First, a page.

Sunday, July 04, 2004

Foundational Theories and Science

Cracking open Edward O. Wilson's Consilience, I find myself thinking about unity of science. Oddly, I am now finding myself of the opinion that unification of science is really not the desirable of a goal that I once held as an ideal. Today, I think diversity of thought processeses is far more important than the establishment of a single school that has an answer to all problems.

Now, I admit, my current opinions are different from those a few years back. For many years, I lamented the hundreds of different sciences with fundamentally different belief systems and foundational theories. The world of science was clearly separating people into difference camps with different sets of jargon...completely incapable of communicating with each other.

Clearly, there is only one reality. The world I wonder around in is the same world as doctors, lawyers and physicists. Each person has a different point of view, but neither the structure of the universe, nor the real human history that built the status quo is different between us. There are fundamental differences between what I see and what others see...but there is not a difference between our shared reality. Our view points are different and we have different models for processing that data. Smart people realize this and know that listening attentively to others can expand their view point.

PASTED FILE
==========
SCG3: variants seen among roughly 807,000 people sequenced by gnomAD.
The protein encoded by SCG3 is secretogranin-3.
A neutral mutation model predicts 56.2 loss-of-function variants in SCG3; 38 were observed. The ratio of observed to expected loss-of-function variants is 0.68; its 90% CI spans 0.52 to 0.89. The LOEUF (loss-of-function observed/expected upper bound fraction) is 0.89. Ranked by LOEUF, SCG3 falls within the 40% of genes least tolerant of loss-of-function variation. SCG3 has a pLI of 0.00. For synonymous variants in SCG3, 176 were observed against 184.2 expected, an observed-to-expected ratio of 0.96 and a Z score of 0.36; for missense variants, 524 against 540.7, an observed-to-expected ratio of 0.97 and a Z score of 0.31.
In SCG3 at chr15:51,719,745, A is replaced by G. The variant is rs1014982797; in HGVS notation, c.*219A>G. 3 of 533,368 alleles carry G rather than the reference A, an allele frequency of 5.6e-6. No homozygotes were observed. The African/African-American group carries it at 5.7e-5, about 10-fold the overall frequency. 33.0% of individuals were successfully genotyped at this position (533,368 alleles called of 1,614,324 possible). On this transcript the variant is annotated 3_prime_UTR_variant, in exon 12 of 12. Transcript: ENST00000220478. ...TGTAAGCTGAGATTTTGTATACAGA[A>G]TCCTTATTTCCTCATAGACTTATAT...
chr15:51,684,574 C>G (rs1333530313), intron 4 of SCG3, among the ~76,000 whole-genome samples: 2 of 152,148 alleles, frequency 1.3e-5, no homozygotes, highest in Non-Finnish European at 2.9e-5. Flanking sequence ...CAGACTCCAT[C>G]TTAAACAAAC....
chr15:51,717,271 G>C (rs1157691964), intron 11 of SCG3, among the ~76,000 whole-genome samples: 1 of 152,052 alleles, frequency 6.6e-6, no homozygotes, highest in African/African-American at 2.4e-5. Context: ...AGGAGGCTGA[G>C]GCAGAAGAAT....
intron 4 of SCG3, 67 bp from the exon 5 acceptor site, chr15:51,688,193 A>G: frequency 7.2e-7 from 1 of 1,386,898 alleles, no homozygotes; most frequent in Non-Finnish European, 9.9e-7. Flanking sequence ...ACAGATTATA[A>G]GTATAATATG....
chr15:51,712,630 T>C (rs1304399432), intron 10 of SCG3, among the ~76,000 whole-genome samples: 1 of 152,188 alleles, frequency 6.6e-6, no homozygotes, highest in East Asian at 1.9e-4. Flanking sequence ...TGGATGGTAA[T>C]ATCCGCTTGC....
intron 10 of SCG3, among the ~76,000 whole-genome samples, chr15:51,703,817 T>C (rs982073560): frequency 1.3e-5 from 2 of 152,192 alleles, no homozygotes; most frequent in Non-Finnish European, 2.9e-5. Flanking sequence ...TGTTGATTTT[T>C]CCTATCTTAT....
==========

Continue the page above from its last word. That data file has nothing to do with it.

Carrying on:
Time after time, I see a people, or groups of people take to one model...assume, somehow, that their model offered more than it did, then lose the ability to communicate with different people accepting different models.

The wise revel in the fact that different people see things differently and take advantage of diversity to expand their point of view. The Socrates we learned in school always one upped the person he questioned. A real Socrates would actually learn from questions...and not simply devastate his opponent.

Back to the question of foundational theories.

There is one reality. So there is a vain hope that there will be one foundational theory that can explain everything (like Set Theory ... which I dislike).

However, the very idea of a foundational theory is opposed to the true structure of human language and physical reality. Foundational theories, by their very nature, establish a single point of view for reality.

The fracturing that occurred in science is not because we lacked a unified theory of everything, but the sad historical fact that we have had so many people trying to build such foundational theories. The contention we see between sciences is the result of the friction between foundational theories.

The intellectual community is dominated by adherents clinging to foundational models without acknowledgement that there are many different perspectives, and that there are many different valid models that we can use to help navigate through our lives.

In otherwords, the unification of knowledge really should be built on the acceptance of diverse view points...and not on the illusion that a Noam Chomsky, General Authority or other guru will create the school with with universals that unite all knowledge.

Perhaps the true unification of knowledge is simply an acceptance that complex systems tend to find ways to organized themselves...and all of the different, wonderful but disjoint, observations that people have is really just part of this overall process of the accumulation and distribution of knowledge. Acceptance of diversity is itself the unifying principle.

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